Sandy Dumont, executive director at Impression Strategies Institute in Norfolk, Va., offers three half-day workshops for corporations throughout the United States and Europe to help workers help themselves by learning how to dress appropriately and professionally for work.
During the first session, he introduces research studies that equate dress with business success and shows a slide presentation. One slide, for instance, features a young man dressed three different ways: wearing dark pants, a light blue shirt and tie; dressed in the same clothes but no tie; and wearing the same shirt but with khakis.
Then he asks employees if they were going to spend thousands of dollars on a home theater at a retail store, which of these salesmen would they approach? Everyone points to the man with the tie. Then he reverses the scenario. If they owned the retail store and these three customers came into their shop, which one would they approach first? Which one could be kept waiting? In the latter case, they always agree that it's the man wearing khakis.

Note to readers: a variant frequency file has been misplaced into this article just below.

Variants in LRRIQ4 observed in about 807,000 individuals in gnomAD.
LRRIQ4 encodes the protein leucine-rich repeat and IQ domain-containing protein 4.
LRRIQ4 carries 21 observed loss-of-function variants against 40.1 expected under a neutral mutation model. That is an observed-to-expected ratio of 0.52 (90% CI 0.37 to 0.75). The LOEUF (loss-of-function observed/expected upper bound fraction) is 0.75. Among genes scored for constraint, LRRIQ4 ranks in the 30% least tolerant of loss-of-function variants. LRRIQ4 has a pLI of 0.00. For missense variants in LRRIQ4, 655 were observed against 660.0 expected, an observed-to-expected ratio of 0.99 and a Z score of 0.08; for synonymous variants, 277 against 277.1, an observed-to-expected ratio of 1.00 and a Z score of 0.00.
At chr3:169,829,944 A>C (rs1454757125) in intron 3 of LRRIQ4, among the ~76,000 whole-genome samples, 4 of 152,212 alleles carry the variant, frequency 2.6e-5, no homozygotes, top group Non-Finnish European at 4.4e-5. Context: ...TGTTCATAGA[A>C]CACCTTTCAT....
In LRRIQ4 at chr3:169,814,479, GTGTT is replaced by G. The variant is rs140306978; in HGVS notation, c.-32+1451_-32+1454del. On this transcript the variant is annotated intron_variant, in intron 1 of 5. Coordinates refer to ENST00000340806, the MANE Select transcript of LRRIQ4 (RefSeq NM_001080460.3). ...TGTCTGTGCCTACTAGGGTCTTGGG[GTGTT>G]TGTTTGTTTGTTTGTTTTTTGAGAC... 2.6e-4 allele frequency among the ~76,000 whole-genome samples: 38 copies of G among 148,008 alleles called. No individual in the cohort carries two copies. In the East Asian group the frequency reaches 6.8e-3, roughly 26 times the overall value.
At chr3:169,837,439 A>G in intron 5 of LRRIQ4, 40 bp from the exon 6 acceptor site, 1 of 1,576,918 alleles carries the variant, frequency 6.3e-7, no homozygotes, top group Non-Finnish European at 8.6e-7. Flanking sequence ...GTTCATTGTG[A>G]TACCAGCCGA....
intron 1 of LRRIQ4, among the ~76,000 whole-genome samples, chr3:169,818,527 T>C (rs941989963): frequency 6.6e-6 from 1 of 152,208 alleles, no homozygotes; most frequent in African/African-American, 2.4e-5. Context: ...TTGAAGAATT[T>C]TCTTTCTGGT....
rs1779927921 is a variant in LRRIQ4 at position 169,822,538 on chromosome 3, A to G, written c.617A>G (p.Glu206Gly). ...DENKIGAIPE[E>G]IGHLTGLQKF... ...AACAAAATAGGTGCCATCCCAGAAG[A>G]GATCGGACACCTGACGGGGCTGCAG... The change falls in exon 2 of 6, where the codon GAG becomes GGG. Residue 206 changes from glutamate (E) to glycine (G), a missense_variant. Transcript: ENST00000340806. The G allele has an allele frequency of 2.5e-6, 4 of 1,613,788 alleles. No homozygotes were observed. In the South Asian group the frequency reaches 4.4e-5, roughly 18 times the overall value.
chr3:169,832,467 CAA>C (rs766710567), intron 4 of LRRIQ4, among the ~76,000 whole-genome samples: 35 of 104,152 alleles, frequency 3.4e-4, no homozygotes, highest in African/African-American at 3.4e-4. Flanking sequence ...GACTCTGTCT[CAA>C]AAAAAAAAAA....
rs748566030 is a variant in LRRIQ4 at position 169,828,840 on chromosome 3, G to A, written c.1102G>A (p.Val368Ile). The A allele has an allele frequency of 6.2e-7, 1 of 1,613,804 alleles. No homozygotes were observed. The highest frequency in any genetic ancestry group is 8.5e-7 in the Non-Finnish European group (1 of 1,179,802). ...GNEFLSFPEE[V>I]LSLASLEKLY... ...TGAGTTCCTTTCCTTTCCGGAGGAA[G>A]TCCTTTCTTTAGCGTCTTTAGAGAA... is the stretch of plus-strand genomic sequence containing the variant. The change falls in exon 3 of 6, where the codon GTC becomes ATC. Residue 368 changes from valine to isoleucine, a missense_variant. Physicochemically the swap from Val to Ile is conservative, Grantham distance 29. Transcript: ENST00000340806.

For the second session, employees are asked to return wearing their favorite work outfits. With Dumont's guidance, members of the group mix and match one another's clothing and help decide what looks more authoritative and more professional. In the last session, the team effort continues. Men, for example, bring their favorite selection of ties. The remainder of the session is devoted to giving women a crash course in makeup and hairstyles. Since each person both gives and receives feedback, Dumont says no one is embarrassed.